“Most people who get elected can’t explain the Indian Act, they don’t know treaties or land claims,” says Chief Louie, a compulsive reader who keeps a well-stocked library. “I was writing term papers on those things before I got elected.”

Chief Louie points out that Canada’s First Nations were once self-sufficient. As he sees it, colonial interventions by Indian agents and the church – through its residential-school system – left them crippled and dependent on government handouts. “When white people first moved into our territories and regions, there was a mutual economic relationship,” Chief Louie says.

In 1984, the Osoyoos Indian Band’s on-reserve employment opportunities consisted of vineyard leases and a campground. Chief Louie set out to improve living standards in his community, whose 32,000-acre South Okanagan reserve stands in B.C. wine country amid Canada’s only desert.

Four years later, he formed the Osoyoos Indian Band Development Corp. Its nine businesses now include a golf course, a cultural centre, a gas station and store, a construction company, a cement plant and Spirit Ridge Vineyard Resort & Spa – a luxury development with Calgary-based Bellstar Hotels & Resorts.

Chief Louie and his council have also settled two land claims, acquired hundreds of acres of new land and built a school, a health-care centre and other services. Equally important, the band has the means to preserve its traditional culture through initiatives such as language and youth programs. “Everything costs money – even practising your culture costs money,” Chief Louie notes.

A fan of the gym but no lover of holidays, the chief is serving a second three-year term as chair of the National Aboriginal Economic Development Board. He often speaks at reserves across the country, where he tells the Osoyoos story and stresses the importance of focusing on the economy.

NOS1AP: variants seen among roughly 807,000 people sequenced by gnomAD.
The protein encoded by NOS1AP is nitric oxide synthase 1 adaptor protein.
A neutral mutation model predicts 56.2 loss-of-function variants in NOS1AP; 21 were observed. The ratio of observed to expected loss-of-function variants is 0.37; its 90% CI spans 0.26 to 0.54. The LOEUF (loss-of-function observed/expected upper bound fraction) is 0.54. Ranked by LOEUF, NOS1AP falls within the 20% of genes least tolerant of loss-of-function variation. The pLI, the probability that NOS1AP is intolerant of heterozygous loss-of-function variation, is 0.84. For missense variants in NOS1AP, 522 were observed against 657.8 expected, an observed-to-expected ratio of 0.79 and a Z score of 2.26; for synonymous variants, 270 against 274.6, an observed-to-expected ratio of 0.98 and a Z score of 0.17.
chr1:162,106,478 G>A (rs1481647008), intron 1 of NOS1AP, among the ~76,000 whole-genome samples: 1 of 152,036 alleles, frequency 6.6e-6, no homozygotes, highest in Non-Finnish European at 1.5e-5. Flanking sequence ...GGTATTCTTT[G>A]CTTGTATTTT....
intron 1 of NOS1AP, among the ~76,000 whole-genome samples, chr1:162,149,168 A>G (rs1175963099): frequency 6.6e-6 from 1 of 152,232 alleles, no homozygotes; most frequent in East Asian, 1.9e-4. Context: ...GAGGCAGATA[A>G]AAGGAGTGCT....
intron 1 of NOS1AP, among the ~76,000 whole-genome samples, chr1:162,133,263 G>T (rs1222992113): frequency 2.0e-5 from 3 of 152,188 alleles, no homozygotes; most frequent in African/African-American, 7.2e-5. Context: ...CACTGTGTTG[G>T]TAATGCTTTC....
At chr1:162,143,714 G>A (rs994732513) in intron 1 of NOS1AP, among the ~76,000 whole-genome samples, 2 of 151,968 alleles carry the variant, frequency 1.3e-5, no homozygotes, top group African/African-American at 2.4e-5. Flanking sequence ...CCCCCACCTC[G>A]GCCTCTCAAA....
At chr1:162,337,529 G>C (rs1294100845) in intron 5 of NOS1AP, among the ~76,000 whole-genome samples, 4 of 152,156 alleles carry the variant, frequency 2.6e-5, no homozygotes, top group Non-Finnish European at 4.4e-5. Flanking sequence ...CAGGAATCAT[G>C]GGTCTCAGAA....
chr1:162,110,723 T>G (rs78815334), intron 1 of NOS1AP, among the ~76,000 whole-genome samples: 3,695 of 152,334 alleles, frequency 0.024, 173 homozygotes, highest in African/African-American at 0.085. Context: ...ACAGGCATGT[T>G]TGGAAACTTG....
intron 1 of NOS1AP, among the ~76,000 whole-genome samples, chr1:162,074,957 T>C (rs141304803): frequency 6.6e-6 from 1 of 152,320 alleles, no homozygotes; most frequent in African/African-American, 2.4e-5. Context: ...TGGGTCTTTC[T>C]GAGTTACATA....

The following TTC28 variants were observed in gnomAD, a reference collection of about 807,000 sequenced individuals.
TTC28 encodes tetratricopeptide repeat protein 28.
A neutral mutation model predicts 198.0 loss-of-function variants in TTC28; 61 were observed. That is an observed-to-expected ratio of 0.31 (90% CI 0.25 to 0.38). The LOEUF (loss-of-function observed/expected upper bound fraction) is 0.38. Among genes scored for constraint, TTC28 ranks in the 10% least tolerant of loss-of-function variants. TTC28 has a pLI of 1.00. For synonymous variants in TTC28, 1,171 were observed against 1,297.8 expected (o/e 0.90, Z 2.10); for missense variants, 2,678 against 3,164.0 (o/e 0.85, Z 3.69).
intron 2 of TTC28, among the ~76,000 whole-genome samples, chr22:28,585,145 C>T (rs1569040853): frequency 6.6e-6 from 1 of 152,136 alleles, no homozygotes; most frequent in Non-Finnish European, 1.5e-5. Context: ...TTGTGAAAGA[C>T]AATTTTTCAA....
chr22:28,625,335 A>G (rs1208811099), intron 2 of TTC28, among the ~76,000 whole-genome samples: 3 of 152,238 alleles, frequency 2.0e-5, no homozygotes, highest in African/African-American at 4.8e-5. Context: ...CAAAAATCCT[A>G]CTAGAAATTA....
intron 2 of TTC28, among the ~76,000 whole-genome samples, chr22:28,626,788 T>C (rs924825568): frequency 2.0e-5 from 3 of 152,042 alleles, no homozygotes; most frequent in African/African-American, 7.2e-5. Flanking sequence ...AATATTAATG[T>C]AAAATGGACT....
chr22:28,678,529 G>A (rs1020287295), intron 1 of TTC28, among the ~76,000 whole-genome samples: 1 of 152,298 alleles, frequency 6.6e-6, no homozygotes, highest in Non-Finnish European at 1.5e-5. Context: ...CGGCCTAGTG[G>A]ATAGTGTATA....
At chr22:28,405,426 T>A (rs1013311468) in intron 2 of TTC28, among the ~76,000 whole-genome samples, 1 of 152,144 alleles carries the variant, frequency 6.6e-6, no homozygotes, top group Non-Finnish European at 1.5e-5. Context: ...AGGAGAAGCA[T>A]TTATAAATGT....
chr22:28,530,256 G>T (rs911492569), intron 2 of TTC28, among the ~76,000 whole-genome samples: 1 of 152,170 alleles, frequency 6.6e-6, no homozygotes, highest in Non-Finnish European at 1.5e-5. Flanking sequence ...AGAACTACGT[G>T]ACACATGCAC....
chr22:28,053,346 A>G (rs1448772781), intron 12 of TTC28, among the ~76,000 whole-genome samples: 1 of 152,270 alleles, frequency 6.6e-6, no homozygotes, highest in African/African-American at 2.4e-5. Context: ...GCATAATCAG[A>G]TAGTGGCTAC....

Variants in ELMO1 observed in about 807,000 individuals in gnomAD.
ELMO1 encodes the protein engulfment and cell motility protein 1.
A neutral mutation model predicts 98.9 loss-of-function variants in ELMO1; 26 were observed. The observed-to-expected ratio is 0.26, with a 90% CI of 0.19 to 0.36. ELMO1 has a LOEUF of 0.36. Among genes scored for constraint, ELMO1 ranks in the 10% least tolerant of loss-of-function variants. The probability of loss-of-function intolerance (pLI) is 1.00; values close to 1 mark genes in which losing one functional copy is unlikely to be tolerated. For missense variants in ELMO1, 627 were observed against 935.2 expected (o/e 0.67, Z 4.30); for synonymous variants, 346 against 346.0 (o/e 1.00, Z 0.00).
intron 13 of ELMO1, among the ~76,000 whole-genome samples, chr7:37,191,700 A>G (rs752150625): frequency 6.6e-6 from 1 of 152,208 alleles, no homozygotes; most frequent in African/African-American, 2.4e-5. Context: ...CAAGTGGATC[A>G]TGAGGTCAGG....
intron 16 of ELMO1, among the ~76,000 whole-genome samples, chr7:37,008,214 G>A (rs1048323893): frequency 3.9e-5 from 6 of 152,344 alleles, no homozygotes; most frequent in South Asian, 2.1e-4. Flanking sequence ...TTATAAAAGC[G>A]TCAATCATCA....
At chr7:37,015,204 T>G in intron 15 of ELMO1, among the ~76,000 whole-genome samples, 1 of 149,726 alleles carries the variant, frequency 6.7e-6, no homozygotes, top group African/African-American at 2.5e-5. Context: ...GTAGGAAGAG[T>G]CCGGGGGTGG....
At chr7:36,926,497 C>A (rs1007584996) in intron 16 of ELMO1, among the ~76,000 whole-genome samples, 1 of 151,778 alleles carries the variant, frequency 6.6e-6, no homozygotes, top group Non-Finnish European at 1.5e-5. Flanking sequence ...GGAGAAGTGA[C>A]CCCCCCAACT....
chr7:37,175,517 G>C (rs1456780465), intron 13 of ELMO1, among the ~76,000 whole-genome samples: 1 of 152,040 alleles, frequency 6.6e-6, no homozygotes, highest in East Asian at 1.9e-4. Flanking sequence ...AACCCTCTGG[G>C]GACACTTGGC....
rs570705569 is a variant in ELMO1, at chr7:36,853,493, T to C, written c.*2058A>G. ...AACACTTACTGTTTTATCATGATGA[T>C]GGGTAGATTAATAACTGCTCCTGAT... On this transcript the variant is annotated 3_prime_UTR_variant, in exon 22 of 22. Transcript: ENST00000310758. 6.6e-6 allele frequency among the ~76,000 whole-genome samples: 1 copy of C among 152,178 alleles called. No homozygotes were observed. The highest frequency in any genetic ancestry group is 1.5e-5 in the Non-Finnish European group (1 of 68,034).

Looking at the Canadian business community, Chief Louie says he’s encouraged that companies are starting to recognize aboriginal rights and title after a lengthy struggle by First Nations leaders. “There’s still a long way to go, but there’s been a big improvement within corporate Canada and the federal and provincial governments,” he says. “Aboriginal issues are being forced to the corporate boardrooms and the cabinet tables.”

Clarence Louie on the rewards of economic independence

When a First Nations community is poor, nobody really pays attention to them except for when they want to complain about them being welfare recipients or a burden on the tax system….But wherever you go where First Nations people are bringing millions of dollars into the economy of their region and they’re creating hundreds of jobs, there’s a better relationship. There’s a business relationship. I want to see business relationships between the native and non-native communities, not a dependency relationship or a pity relationship.

On the value of hard work

I’m dealing with some of our youths right now that are not doing well in high school. Some of them just went off to college and they failed every course. I did the same thing. When I got in my senior years, I barely graduated. I didn’t do well in college or university my first few tries. But I was always a hard worker….We want all of our people to graduate – that’s what everybody says, but that’s not the reality of what’s going to happen with a lot of native kids. And to me, as long as they have a work ethic, that’s what I want to see developed in our people….As long as you have a work ethic, you’ll always have a productive life and you’ll always have a chance to bounce back.